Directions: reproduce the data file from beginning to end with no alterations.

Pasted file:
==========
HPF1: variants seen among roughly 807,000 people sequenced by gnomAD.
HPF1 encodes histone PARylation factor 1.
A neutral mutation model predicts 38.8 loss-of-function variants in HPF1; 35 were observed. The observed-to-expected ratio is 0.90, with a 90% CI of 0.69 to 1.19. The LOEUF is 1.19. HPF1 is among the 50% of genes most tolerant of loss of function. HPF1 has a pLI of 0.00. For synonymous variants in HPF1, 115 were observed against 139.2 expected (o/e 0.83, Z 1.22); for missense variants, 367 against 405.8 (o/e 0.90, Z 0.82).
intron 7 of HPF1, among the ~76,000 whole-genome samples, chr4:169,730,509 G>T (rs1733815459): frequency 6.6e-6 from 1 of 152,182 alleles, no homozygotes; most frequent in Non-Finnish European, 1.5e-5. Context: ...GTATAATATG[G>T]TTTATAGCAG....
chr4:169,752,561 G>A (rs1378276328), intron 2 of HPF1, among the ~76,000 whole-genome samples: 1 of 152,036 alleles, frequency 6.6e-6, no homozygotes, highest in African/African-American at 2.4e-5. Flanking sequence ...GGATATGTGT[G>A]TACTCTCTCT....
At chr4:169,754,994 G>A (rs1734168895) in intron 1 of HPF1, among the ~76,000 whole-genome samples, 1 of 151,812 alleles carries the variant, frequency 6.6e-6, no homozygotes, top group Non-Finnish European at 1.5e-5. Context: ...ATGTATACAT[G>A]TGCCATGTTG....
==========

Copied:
HPF1: variants seen among roughly 807,000 people sequenced by gnomAD.
HPF1 encodes histone PARylation factor 1.
A neutral mutation model predicts 38.8 loss-of-function variants in HPF1; 35 were observed. The observed-to-expected ratio is 0.90, with a 90% CI of 0.69 to 1.19. The LOEUF is 1.19. HPF1 is among the 50% of genes most tolerant of loss of function. HPF1 has a pLI of 0.00. For synonymous variants in HPF1, 115 were observed against 139.2 expected (o/e 0.83, Z 1.22); for missense variants, 367 against 405.8 (o/e 0.90, Z 0.82).
intron 7 of HPF1, among the ~76,000 whole-genome samples, chr4:169,730,509 G>T (rs1733815459): frequency 6.6e-6 from 1 of 152,182 alleles, no homozygotes; most frequent in Non-Finnish European, 1.5e-5. Context: ...GTATAATATG[G>T]TTTATAGCAG....
chr4:169,752,561 G>A (rs1378276328), intron 2 of HPF1, among the ~76,000 whole-genome samples: 1 of 152,036 alleles, frequency 6.6e-6, no homozygotes, highest in African/African-American at 2.4e-5. Flanking sequence ...GGATATGTGT[G>A]TACTCTCTCT....
At chr4:169,754,994 G>A (rs1734168895) in intron 1 of HPF1, among the ~76,000 whole-genome samples, 1 of 151,812 alleles carries the variant, frequency 6.6e-6, no homozygotes, top group Non-Finnish European at 1.5e-5. Context: ...ATGTATACAT[G>A]TGCCATGTTG....